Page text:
When Facebook’s Mark Zuckerberg announced that he and his wife, Priscilla Chan, would eventually give most of their considerable fortune to philanthropic causes, the inclusion of “personalized learning” among the initiatives they plan to support raised questions, including: What is personalized learning?
That’s because personalized learning is still a developing set of ideas that are complex and not yet clearly articulated. Educators, developers and policymakers are still working out the details of this innovative approach to K-12 education that essentially tailors instruction to each student’s individual needs, skills and interests. Although the idea of individualizing instruction is not new, the concept of personalized learning as a dominant instructional approach has gained favor in recent years, partly because new technology applications help to facilitate it.
Indeed, technology is a focal point in Zuckerberg and Chan’s discussion of personalized learning in “A letter to our daughter.” The initiative’s support of personalized learning will include developing the technological tools to make the approach available “to students around the world” via the Internet, the couple wrote.
Standing alone, such language can imply technology has a more dominant role than is actually the case in many personalized learning designs, and that interpretation has alarmed some parents, educators and policymakers. One oft-expressed concern: Personalized learning could mean having students interacting with devices all day long with little social contact or guidance and teaching from adults.
On the contrary, in researching personalized learning we have found that teachers play an integral role in designing and managing the learning environment, leading instruction, and providing expert guidance and support while encouraging students to take increasing ownership of their learning. Group work and peer interactions also occupy a substantial amount of instructional time.
The RAND Corporation recently published our findings from the most rigorous and large-scale study to date on personalized learning. The report describes what personalized learning looks like in a diverse set of schools adopting the approach, and presents evidence of its effectiveness for student learning. The results are promising: Students in about 60 personalized learning schools outperformed similar students attending schools that used more traditional approaches.
The study sheds light on the many ways that schools are adopting personalized learning. Designers of personalized learning school models are thinking more broadly than just about technology as they design their schools and deploy their resources. For example, they are exploring ways to staff their schools so students can receive more individual attention from teachers and counselors, and they are reconsidering how to structure the school day and the physical space to support new instructional models.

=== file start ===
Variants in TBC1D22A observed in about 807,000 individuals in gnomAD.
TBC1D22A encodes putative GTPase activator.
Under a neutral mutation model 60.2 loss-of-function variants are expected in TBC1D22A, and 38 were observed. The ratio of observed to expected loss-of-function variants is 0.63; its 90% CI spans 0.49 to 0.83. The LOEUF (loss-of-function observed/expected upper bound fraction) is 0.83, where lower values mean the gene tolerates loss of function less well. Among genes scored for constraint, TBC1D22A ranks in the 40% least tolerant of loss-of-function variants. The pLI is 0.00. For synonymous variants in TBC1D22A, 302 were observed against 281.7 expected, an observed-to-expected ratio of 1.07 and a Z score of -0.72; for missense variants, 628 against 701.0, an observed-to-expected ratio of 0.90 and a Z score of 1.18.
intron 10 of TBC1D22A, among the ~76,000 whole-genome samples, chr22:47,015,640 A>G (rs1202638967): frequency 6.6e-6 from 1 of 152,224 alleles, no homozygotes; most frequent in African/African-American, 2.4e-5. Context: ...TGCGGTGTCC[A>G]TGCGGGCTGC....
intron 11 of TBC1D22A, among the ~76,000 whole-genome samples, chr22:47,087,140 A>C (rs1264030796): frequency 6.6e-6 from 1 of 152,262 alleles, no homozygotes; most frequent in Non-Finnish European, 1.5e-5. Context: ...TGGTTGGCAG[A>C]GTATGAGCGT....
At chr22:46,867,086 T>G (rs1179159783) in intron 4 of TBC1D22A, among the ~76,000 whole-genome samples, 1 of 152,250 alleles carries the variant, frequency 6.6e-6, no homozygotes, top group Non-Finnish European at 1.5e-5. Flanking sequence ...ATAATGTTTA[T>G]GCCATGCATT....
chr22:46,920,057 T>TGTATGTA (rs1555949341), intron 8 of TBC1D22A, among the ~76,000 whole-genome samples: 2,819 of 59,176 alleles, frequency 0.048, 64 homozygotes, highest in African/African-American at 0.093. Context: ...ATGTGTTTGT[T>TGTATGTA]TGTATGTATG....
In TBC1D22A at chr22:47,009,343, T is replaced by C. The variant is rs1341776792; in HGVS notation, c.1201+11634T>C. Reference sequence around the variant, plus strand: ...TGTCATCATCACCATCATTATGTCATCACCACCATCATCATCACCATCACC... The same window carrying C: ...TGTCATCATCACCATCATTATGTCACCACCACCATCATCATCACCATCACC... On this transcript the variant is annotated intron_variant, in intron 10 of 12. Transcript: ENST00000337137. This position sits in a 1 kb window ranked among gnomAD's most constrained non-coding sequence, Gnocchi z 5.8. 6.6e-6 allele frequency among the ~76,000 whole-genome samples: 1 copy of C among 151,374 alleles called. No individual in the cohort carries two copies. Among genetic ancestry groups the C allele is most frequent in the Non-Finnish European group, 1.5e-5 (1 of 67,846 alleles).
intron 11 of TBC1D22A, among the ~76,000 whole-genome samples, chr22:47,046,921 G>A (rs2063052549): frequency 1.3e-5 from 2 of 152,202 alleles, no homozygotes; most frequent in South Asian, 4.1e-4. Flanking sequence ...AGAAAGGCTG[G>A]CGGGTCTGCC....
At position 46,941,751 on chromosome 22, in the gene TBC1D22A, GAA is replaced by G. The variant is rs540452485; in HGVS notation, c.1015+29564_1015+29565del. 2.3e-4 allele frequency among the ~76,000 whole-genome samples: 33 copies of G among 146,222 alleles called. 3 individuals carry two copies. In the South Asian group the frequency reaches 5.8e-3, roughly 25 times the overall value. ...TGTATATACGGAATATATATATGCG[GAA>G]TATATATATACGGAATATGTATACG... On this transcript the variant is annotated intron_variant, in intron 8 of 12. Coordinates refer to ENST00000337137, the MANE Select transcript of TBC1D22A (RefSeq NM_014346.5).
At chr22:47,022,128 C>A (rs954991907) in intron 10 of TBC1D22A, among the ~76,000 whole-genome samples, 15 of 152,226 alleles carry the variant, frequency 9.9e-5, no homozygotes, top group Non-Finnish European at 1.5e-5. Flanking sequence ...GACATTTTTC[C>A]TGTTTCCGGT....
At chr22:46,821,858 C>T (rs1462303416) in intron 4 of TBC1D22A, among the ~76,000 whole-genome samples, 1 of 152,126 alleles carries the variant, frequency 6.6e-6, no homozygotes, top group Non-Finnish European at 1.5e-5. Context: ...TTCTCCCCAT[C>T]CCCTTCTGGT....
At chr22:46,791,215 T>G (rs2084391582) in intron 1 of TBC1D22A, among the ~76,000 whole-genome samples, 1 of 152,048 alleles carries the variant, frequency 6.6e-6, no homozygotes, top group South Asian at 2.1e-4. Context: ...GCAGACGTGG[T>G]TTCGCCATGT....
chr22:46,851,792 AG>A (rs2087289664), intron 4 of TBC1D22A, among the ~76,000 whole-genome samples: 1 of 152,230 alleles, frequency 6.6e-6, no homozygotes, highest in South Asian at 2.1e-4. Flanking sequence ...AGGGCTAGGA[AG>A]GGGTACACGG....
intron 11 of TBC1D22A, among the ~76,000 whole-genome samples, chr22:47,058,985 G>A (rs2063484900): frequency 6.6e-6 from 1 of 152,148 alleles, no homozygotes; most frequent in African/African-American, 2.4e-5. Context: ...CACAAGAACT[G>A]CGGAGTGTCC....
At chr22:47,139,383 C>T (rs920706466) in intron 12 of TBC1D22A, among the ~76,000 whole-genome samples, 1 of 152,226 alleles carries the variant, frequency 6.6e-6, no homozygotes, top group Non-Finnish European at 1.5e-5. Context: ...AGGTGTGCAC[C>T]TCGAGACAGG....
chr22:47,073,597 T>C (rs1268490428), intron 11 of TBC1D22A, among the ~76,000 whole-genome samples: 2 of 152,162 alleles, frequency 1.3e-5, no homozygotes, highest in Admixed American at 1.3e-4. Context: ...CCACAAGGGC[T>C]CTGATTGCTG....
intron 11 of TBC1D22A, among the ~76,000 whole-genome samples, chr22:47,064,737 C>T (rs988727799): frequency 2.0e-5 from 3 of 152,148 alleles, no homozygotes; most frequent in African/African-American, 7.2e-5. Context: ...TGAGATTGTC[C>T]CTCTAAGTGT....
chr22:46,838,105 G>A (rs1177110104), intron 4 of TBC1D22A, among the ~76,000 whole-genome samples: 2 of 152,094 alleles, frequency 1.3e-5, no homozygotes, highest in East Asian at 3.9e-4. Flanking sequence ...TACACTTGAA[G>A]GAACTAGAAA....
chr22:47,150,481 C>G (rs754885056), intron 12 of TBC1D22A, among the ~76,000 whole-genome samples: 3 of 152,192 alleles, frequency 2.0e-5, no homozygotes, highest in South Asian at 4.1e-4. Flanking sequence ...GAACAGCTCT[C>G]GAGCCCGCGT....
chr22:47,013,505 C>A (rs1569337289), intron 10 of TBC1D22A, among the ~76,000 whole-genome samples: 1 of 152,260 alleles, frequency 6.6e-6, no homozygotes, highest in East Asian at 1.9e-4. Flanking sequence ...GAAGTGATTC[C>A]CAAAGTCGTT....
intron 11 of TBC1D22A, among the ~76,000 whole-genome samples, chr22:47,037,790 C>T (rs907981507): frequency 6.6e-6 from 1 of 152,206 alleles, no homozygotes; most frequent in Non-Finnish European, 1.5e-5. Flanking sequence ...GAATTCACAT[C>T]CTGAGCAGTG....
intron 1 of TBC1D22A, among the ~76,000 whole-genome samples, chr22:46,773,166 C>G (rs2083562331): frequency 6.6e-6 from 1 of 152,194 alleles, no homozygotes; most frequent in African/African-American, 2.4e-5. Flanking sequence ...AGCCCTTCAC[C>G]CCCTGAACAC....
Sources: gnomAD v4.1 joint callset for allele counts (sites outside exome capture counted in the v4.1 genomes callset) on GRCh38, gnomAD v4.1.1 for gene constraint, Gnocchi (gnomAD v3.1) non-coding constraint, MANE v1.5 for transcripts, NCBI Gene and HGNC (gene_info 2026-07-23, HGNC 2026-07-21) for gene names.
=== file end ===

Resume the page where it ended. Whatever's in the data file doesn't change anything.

Those who characterize personalized learning as “students just using computers or other devices” are greatly oversimplifying it. Using technology to deliver instruction is an option, but the potential benefits of technology extend well beyond this role. Managing a classroom becomes a more challenging and complex task when students work on varied topics and materials instead of on the same material at the same time. New software that supports this process is enabling personalization to be adopted on a large scale. These systems are designed to frequently engage teachers, parents and the students collaboratively in helping to develop and actively manage each student’s learning goals and monitor progress. Together, they draw on textbooks, projects, field trips—as well as technological and other educational resources—to design each student’s personalized learning plan.
As this developing model of education gains traction, it will be necessary to refine policies to best enable it. For example, traditional models of assessment and accountability can be a hindrance. In personalized learning, children who are performing far below grade level work to develop skills and knowledge typically taught at lower grade levels, and traditional grade-level assessments may not properly reflect their achievement gains. But New Hampshire’s Department of Education, for instance, is working with researchers to develop competency-based assessment systems that would afford more flexible ways for students to demonstrate progress by taking assessments that are tailored to their learning levels. Other work is underway to address issues such as ensuring appropriate student privacy in an education system that will increasingly rely on data and technology.
The Chan Zuckerberg Initiative shines a spotlight on one of the most promising innovations in K-12 education, one that is multi-faceted and not just about technology. This investment could help to spread these ideas while increasing understanding of how to implement them most effectively. It also could allow researchers to confirm early signs that personalized learning may be the future of education.
John F. Pane is Distinguished Chair of Education Innovation and Laura S. Hamilton is Associate Director of Education at the nonprofit, nonpartisan RAND Corporation.